I recently met up with my (real life) first love. We have both moved on since those oh-so-distant days, and we are now friends so casual I usually forget that I once thought that a light would go out in my life if I never saw him again. And when I do remember I feel a little embarrassed. Nowadays, I even find him a little tiresome when I see too much of him. However, I don’t blame my younger self for having fallen for his wit, charm and mild eccentricity. With the benefit of hindsight I realise it was probably a good thing that things didn’t work out between us, but nonetheless I can’t regret the feelings I once cherished for him, which were real to me then and are now woven into my life’s story.
Delightful Girl Choon Hyang (DGCH) (or Sassy Girl Choon Hyang) was my first k-drama love. I no longer think it is the best thing ever, and if I watched it for the first time today I suspect I might find some plot contrivances tiresome. But it will always have a special place in my heart and I can’t regret the love I lavished on it. I thought it might be interesting to explore what made it so attractive to me at the time, what struck me then, and what qualities might endure (and endear) today.
It was about two weeks ago that I had this ‘brilliant’ idea to create a poll of our favorite actors and their most-loved roles. So I posted the first poll (male roles) and then the second (female roles), patted myself on the back and went about my merry way, whistling.
And then it started. A reader told me I had left out Song Il-gook. Oops. Then, while happily sipping my Diet Coke at a mall, I nearly choked when one missing name popped into my head. Uhm Tae-woong!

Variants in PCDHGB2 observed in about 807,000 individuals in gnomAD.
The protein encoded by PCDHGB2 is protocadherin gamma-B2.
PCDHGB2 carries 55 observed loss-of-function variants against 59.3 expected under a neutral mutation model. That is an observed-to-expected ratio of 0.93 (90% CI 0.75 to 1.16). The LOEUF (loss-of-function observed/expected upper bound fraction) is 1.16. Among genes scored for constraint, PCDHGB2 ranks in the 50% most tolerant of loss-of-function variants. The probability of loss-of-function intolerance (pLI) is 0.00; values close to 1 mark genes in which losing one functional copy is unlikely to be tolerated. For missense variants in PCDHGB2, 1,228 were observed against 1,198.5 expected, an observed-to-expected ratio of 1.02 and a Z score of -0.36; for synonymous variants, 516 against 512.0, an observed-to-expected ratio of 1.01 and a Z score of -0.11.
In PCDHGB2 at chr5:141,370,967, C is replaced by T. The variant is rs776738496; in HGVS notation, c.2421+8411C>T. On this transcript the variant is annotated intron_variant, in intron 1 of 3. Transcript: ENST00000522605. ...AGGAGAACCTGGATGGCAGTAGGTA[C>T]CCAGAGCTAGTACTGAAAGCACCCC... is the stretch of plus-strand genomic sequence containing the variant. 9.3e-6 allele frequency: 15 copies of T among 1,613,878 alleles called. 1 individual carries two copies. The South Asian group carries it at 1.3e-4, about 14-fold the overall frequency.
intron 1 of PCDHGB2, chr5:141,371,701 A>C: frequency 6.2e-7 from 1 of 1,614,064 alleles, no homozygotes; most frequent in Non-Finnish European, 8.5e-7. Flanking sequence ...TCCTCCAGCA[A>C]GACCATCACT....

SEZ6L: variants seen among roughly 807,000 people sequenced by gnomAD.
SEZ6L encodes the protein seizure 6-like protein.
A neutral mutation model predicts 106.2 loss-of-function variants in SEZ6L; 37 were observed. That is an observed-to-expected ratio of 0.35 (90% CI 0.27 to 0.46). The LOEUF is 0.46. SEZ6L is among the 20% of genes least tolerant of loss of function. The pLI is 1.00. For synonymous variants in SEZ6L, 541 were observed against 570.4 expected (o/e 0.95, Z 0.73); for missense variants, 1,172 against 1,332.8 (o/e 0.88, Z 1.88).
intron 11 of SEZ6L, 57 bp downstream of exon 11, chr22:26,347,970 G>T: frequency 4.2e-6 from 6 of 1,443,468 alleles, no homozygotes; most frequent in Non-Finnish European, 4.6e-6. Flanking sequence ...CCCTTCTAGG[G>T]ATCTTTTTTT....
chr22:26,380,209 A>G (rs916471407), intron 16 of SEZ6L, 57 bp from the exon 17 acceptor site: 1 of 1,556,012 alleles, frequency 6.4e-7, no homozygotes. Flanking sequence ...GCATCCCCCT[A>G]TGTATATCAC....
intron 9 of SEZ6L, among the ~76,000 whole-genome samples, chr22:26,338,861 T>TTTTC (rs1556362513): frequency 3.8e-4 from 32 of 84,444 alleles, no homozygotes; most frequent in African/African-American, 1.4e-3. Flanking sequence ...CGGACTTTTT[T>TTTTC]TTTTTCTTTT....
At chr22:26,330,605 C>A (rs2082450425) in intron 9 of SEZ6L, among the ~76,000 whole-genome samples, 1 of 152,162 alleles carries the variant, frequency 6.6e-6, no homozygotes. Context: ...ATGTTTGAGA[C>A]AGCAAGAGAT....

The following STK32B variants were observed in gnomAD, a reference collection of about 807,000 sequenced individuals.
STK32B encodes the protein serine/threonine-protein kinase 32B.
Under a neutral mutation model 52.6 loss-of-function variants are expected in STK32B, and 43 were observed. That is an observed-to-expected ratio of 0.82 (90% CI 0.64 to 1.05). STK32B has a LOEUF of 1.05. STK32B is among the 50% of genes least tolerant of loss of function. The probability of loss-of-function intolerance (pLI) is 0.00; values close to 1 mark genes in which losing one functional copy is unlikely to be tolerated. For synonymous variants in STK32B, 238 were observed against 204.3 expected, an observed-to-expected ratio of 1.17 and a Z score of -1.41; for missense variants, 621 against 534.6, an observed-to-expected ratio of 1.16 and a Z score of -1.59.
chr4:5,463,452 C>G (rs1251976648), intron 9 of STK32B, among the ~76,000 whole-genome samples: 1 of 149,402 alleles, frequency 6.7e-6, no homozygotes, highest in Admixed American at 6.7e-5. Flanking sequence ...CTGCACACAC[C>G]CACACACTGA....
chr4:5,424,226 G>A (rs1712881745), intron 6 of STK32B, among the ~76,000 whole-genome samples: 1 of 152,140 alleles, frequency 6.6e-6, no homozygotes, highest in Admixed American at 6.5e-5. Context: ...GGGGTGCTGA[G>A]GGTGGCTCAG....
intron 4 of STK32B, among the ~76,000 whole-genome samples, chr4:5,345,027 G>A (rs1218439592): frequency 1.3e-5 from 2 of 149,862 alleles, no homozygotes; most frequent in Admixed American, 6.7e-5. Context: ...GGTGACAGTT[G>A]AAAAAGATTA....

Still, I resisted. I’m made of sterner stuff, after all.
But last night I was brushing my teeth before bed (and I tend to get some of my wildest ideas for recaps and posts when my mouth is full of toothpaste foam, don’t ask me why) when it hit me.
A male protagonist who did not speak a single word but gave me the chills. A movie which was not a horror story but felt ghostly.
I watched 3-Iron (2004) with my mouth open, transfixed but not enthralled. In some scenes my hair stood on end. Events on the screen, each more surreal than the one before it… Was I dreaming them? Things are upside down or turned around… You feel a sense of violation and intrusion, and yet you can’t stop watching. 3-Iron reminds me thus of Oasis. Fascination and revulsion in equal measure.
Take the intrusion aspects, for example. From a shabby tenement to a grand mansion, it’s interesting the types of houses that Tae-suk (Jae-hee) breaks into. In one apartment you can’t even tell you’re in Korea, it looks so American. Of all the houses, the one that gives him and Sun-hwa (Lee Seung-yeon) the most emotional comfort is a traditional Korean house with its old-world furniture. This is the house that she returns to a second time, by herself. And even though what she does is so odd (lying down on the sofa to sleep in the presence of the male houseowner), yet somehow it feels right.
The houseowners (the most loving couple in the film) leave her alone, and that gesture of acceptance and hospitality speaks volumes. In this world where Tae-suk and Sun-hwa are alienated and floating around like ghosts, here is a place that they can return to for rest and refuge. Yet the reality is that it is not their home and they are still trespassing. Everything is still a farce, frighteningly so. When will it all come crashing down?